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Monday, September 11, 2006

Is it Cop's Work or World War?

Part of the difference of opinion in this national "dialogue" we have been having regarding terrorism and 9-11 is a core disagreement over the enemy. Many see 9-11 as solely an act by a distinct group going by the name of Al Qaeda. If you restrict your analysis solely to Al Qaeda as the enemy, then bringing Bin Laden to justice would be your focus. Any other forays against a Saddam, Sadr or Hezbollah are a distraction.

I believe world events before and since 9-11 show that the Islamic terrorists are more like the Mafia with a common goal to destroy the West (and specifically the US and Israel) while creating an Islamic caliphate. The view is world-wide borne of an inferiority complex. The former view makes the battle more defensive in nature and akin to police work. My view sees many fronts of interwoven alliances where differing levels of aggression or strategies are needed.

In this very long Symposium on Frontpage.com Jamie Glazov interviews Tom McInerney, Andy McCarthy, Jed Babbin and, one of my favorites, Ralph Peters on 9/11: Five Years Later.

Glazov asks:

[H]ave we, after five years, deciphered exactly who our enemy is? Surely it was not al Qaeda alone that attacked us on 9/11, but a force that can, arguably, be legitimately labelled as Islamo-Fascism. If we can agree that this ideology is our enemy, what is it that we need to do to defeat it?

Peters' answer is realistically positive:

I've been privileged to spend a good bit of time not only in the greater Middle East, but, over the past half-dozen years, on the far fringes of the Islamic world. Religions--all religions--as practiced on earth are what men and women make them. At least for now, our problem is with the stagnant, suffocating forms of Islam practiced from North Africa through Pakistan. Elsewhere, I've found Muslims remarkably tolerant and spiritually healthy--faiths change on their frontiers. We only hear about the handful of terrorists and extremists in Indonesia, for example. But, outside of Aceh and a few urban neighborhoods, Indonesian forms--plural--of Islam are humane and absorptive (if sometimes downright weird). In Senegal, Muslims have resisted Wahhabi missionary efforts and want no part of Bedouin Islam. I found the Senegalese startlingly pro-American (and increasingly disenchanted with the French). I believe, firmly, that the long-overdue liberal reformation in Islam is coming--in Michigan or Ontario.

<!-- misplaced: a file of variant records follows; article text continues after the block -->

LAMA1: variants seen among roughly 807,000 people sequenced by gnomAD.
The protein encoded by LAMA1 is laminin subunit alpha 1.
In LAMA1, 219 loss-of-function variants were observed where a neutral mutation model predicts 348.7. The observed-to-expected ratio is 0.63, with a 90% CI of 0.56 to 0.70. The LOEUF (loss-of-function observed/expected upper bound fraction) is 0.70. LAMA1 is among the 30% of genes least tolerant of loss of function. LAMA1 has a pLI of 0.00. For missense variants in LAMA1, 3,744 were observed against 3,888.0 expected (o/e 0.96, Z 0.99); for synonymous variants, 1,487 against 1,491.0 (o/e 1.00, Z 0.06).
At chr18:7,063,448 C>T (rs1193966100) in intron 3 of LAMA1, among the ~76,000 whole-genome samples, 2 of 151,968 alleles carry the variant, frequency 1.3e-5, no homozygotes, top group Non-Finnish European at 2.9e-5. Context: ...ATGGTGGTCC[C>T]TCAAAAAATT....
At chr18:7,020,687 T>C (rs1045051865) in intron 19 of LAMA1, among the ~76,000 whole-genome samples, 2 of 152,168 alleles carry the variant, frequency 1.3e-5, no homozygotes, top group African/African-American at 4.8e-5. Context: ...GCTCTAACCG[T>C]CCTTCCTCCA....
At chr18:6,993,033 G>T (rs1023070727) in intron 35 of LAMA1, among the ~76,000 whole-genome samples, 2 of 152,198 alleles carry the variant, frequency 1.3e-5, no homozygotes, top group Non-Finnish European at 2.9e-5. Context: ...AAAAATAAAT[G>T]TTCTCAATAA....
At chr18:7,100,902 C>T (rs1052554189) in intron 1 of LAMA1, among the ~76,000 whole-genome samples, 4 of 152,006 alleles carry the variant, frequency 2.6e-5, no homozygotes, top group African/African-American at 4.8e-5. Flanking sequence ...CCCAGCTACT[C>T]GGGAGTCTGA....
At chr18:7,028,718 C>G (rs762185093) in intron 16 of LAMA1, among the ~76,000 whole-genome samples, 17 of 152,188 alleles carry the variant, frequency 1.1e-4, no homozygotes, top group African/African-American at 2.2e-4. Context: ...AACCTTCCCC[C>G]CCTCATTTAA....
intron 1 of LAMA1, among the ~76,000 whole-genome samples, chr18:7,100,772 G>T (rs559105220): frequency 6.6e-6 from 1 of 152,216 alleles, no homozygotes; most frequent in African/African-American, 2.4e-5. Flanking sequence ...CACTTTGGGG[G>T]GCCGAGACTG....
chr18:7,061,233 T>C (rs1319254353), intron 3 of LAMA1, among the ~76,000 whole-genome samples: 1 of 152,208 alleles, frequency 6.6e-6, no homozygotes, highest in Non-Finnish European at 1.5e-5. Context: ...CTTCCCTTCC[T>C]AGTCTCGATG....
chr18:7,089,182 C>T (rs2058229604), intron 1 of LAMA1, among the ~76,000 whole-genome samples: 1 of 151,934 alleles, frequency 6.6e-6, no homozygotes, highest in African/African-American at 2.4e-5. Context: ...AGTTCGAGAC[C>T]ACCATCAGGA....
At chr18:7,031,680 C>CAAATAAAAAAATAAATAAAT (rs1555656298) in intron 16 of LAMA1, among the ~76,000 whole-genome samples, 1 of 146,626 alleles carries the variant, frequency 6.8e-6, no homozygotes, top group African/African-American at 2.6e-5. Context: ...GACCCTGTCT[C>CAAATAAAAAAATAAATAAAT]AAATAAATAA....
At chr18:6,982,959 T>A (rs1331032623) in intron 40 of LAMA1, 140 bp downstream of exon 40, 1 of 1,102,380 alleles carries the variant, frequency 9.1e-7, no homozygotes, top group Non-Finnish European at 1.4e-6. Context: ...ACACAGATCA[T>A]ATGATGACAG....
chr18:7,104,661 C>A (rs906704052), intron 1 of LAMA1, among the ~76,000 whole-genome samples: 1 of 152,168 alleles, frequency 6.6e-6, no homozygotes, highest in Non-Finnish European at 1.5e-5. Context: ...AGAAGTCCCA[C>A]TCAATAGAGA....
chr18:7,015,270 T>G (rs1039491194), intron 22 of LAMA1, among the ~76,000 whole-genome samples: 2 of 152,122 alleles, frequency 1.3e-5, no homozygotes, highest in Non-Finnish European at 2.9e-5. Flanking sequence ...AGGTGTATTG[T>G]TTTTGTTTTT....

My point: Blanket condemnations of Islam are stupid and counter-productive.

But then he is realistically pessimistic, not about the US's future but, about Israel's future:

[Israel] may not have one. Europe couldn't care less if Tel Aviv and Haifa disappear under mushroom clouds. Israel's remarkable success is as embarrassing to Europeans as it is to Arabs. Israel's only meaningful allies are in the English-speaking world.

Read the whole interview.

Equally limited and legalistic was an opinion voiced to me recently that Israel's response to Hezbollah was at least over a border intrusion versus the US war with Iraq that had no border or other seeming provocation.

First, borders today are relatively meaningless when missiles, hijacking of international flights and attacks upon embassises and US military units outside of the US territory are concerned. While we used to use the concept of "the water's edge" to denote a natural defensive border, today there are no such things.

Second, ham-stringing us to merely countering the acts of terrorist monsters means we must await some horrendous act. Then we may respond? And responses engender more second-guessing. What we have seen in the media reports about Israel's response to Hezbollah, that the defensive response must also be "proportionate", is ludicrous. That term's meaning is fraught with semantic license I choose to avoid for the sake of self-preservation. Leave the semantics to those living in the theoretical world. My family and friends live in the real world.


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